“Today, I don’t really know what else to say…”

“Today, I don’t really know what else to say…”
“Today, I don’t really know what else to say…”

Published on Tuesday December 12, 2023 at 8:14 a.m.

We usually see a light in the sky or a distant thud. We then use a word directly: storm. But what really is a storm? What we see and what we hear is a good first indication since it is defined as “one or more sudden discharges of electricity, manifested by a flash of intense light (lightning) and a dull noise of rumble (thunder).”

Thunderstorms are announced when at least one flash of lightning is observed by a detection system or an observer. The Royal Meteorological Institute (IRM) recalls that we speak of lightning “when a luminous phenomenon is observed between or behind the clouds (possibly beyond the horizon), so that the real lightning channel remains invisible. Thunder is not always audible within the normal hearing range.”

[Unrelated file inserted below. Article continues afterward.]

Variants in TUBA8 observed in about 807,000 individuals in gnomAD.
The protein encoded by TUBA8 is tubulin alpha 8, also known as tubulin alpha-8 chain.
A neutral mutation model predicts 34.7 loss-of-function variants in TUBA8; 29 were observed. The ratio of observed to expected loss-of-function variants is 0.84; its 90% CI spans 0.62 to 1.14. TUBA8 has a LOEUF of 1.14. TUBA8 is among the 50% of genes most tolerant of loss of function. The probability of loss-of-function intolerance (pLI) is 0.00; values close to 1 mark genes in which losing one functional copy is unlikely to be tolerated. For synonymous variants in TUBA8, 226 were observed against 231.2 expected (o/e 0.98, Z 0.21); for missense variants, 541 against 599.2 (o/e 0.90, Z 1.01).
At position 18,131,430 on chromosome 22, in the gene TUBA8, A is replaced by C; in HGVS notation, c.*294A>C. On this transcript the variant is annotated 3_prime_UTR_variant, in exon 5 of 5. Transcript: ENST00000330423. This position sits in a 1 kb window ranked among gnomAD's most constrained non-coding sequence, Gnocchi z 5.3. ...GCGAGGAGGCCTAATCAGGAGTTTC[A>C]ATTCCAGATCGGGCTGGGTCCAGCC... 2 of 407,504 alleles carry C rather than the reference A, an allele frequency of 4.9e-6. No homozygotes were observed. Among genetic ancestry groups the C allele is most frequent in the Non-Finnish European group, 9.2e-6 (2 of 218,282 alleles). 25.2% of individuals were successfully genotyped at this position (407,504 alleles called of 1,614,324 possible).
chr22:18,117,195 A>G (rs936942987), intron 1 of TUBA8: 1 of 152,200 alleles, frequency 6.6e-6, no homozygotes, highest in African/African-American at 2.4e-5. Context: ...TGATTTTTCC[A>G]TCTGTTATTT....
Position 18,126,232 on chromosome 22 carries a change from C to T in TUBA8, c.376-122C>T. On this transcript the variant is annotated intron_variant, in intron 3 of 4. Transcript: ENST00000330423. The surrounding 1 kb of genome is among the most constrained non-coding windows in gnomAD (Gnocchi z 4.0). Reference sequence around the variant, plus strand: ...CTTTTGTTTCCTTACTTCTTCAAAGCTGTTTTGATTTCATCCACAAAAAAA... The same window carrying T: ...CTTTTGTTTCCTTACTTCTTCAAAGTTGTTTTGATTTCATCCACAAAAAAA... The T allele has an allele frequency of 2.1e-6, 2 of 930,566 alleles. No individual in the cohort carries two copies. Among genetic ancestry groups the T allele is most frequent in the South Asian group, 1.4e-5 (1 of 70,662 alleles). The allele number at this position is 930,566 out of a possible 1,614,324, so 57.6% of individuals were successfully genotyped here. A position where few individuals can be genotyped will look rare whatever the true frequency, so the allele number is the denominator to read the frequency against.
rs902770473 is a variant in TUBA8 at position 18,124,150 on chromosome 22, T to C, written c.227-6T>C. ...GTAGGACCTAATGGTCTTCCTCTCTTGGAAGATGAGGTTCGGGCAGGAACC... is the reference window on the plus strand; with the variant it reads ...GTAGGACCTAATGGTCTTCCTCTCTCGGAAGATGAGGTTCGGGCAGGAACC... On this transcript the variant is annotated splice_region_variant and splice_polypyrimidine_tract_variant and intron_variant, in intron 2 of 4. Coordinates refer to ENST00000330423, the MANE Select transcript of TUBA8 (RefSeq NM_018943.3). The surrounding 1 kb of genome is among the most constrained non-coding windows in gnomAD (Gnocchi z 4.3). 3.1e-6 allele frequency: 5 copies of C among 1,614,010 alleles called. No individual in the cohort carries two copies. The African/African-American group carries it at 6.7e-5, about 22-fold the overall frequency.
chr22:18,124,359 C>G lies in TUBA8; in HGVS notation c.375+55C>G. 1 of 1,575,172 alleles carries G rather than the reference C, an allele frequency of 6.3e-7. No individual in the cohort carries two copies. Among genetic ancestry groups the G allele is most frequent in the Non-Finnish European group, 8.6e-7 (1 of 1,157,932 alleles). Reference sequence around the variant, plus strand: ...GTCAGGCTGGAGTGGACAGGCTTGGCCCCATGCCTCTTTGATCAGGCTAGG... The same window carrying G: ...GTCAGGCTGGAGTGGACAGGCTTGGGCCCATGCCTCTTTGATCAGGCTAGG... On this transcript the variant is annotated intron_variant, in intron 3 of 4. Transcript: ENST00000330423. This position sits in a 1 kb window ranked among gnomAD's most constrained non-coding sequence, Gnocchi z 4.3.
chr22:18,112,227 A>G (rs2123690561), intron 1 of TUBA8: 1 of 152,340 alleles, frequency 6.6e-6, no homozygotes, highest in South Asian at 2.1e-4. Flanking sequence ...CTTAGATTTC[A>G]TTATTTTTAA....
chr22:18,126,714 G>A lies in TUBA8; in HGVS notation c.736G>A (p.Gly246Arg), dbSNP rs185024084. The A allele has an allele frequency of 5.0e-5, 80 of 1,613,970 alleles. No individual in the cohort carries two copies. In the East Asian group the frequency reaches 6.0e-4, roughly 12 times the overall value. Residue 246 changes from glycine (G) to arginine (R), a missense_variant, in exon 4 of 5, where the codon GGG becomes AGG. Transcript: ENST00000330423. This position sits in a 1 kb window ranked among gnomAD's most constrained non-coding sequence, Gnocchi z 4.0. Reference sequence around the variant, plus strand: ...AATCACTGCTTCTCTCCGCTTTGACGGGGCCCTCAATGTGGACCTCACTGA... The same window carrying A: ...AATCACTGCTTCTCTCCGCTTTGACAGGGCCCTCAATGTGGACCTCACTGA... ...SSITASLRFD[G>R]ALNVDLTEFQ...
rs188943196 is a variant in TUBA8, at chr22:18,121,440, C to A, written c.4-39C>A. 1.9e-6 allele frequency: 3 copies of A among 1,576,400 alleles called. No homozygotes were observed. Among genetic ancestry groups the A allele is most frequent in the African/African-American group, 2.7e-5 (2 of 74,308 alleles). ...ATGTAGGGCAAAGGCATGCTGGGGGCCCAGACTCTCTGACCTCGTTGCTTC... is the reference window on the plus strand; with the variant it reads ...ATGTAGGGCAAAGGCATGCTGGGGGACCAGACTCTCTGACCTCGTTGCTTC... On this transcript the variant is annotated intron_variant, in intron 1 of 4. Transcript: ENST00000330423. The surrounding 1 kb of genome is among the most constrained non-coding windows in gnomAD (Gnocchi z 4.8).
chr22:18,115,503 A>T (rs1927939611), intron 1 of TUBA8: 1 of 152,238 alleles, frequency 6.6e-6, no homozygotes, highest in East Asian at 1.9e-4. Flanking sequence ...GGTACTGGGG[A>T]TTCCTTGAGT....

Many factors

Whether or not a storm occurs depends on many factors. “The atmosphere must be unstable, such as days when the air is warm and humid in the lower layers of the atmosphere or when the air is very cold at altitude. Preferably, an upward mechanism such as a front or convergence line should occur. In cases of very strong thunderstorms (with risks of hail and strong winds), there must also be what is called wind shear. This implies that wind strength increases significantly with altitude, and/or wind direction is also changed with altitude,” explains the IRM.

Thunderstorms can occur in both warm and cold air masses, as well as along fronts which are the dividing lines between the air masses. Thunderstorms can be divided into several types.

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